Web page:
United States District Court, S.D. Illinois
MEMORANDUM AND ORDER
Phil Gilbert United States District Judge
Middendorf v. McLaurn, Case No. 17-cv-538-JPG (S.D.
Ill. Oct. 4, 2017), Plaintiff Dustin Middendorf, an inmate in
Sheridan Correctional Center, brought suit for deprivations
of his constitutional rights pursuant to 42 U.S.C. §
1983. Pursuant to George v. Smith, 507 F.3d 605 (7th
Cir. 2007), two claims against Defendants Smith and Straub
were severed from that initial action to form the basis for
this action, Case No. 17-cv-908-JPG.
case is now before the Court for a preliminary review of
those claims pursuant to 28 U.S.C. § 1915A, which
(a) Screening - The court shall review, before docketing, if
feasible or, in any event, as soon as practicable after
docketing, a complaint in a civil action in which a prisoner
seeks redress from a governmental entity or officer or
employee of a governmental entity.
(b) Grounds for Dismissal - On review, the court shall
identify cognizable claims or dismiss the complaint, or any
portion of the complaint, if the complaint-
(1) is frivolous, malicious, or fails to state a claim on
which relief may be granted; or
(2) seeks monetary relief from a defendant who is immune from
action or claim is frivolous if “it lacks an arguable
basis either in law or in fact.” Neitzke v.
Williams, 490 U.S. 319, 325 (1989). Frivolousness is an
objective standard that refers to a claim that any reasonable
person would find meritless. Lee v. Clinton, 209
F.3d 1025, 1026-27 (7th Cir. 2000). An action fails to state
a claim upon which relief can be granted if it does not plead
“enough facts to state a claim to relief that is
plausible on its face.” Bell Atlantic Corp. v.
Twombly, 550 U.S. 544, 570 (2007). The claim of
entitlement to relief must cross “the line between
possibility and plausibility.” Id. at 557. At
this juncture, the factual allegations of the pro se
Complaint are to be liberally construed. See Rodriguez v.
Plymouth Ambulance Serv., 577 F.3d 816, 821 (7th Cir.
fully considering the relevant allegations in Plaintiff's
Complaint, the Court concludes that this action is subject to
allegations in Plaintiff's Complaint (Doc. 2) relevant to
this severed action are as follows: on March 3, 2017, Officer
Straub told Plaintiff he had authority “to do as he
pleased” while searching Plaintiff's cell. (Doc. 2,
p. 8). Officer Smith and Lieutenant Prinler took batteries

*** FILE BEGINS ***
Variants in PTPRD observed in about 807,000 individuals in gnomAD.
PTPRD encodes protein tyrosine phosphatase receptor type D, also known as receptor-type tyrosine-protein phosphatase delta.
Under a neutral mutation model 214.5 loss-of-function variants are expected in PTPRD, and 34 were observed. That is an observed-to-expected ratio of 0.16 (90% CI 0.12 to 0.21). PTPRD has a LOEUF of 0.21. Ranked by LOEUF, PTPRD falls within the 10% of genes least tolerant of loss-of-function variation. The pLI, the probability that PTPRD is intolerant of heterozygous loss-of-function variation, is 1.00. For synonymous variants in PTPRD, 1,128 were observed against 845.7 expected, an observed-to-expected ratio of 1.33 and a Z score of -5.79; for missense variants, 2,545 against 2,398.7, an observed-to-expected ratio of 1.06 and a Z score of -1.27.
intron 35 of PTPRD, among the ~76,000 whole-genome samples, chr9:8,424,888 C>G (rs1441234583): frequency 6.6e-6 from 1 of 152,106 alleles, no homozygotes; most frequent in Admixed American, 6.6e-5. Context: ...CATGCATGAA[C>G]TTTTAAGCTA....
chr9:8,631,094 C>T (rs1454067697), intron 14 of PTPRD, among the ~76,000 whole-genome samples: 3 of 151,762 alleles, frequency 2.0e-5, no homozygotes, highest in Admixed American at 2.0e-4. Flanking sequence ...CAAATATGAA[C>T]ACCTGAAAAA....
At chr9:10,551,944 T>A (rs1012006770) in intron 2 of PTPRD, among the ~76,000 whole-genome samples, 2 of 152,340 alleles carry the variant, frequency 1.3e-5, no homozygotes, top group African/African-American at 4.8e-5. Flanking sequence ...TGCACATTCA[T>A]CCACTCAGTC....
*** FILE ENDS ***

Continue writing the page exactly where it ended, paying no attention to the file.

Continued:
that Plaintiff purchased from the commissary and other
personal belongings without any explanation or documentation.
Id. Officer Wagner called inmates
“bitches” over the intercom in March 2017.
Id. Officer Knipp told another inmate that he
“would shoot him in the head.” Id. As a
result of this harassment and the lack of emergency call
buttons in the cells, Plaintiff felt unsafe. Id.
February 2, 2017, St. Clair County was allegedly subject to a
“boil order.” (Doc. 1, p. 9). At 8:00 a.m. on
that date, Plaintiff began requesting fresh water.
Id. Officer Green, who worked at the command center,
was unresponsive. Id. A nurse who was passing out
bottled water with medication refused to give Plaintiff any.
Id. Officer Smith told Plaintiff that the
“administration” said he could drink the water
because the boil order was not in effect for St. Clair
County. Id. When Plaintiff asked why the nurse was
passing out bottled water, Officer Smith said that the boil
order “was over.” Id. When Plaintiff
asked the nurse if Officer Smith's statements were true,
the nurse said, “if he says so.” Id.
Plaintiff began drinking the water. Id. At 11:00
a.m., Officer Green used the intercom to instruct inmates not
to drink the water. Id. Signs to this effect were
also posted, and bottled water was distributed at lunch.
Id. Plaintiff began suffering from stomach pain and
headaches in the hours after drinking the Jail's water.
(Doc. 1, p. 9). He submitted sick call slips and
“captain complaints” to complain about Officer
Smith's actions. Id. Plaintiff received no
Severance Order (Doc. 1), the Court designated the following
counts to be severed into this pro se action. The
parties and the Court will continue to use these designations
in all future pleadings and ...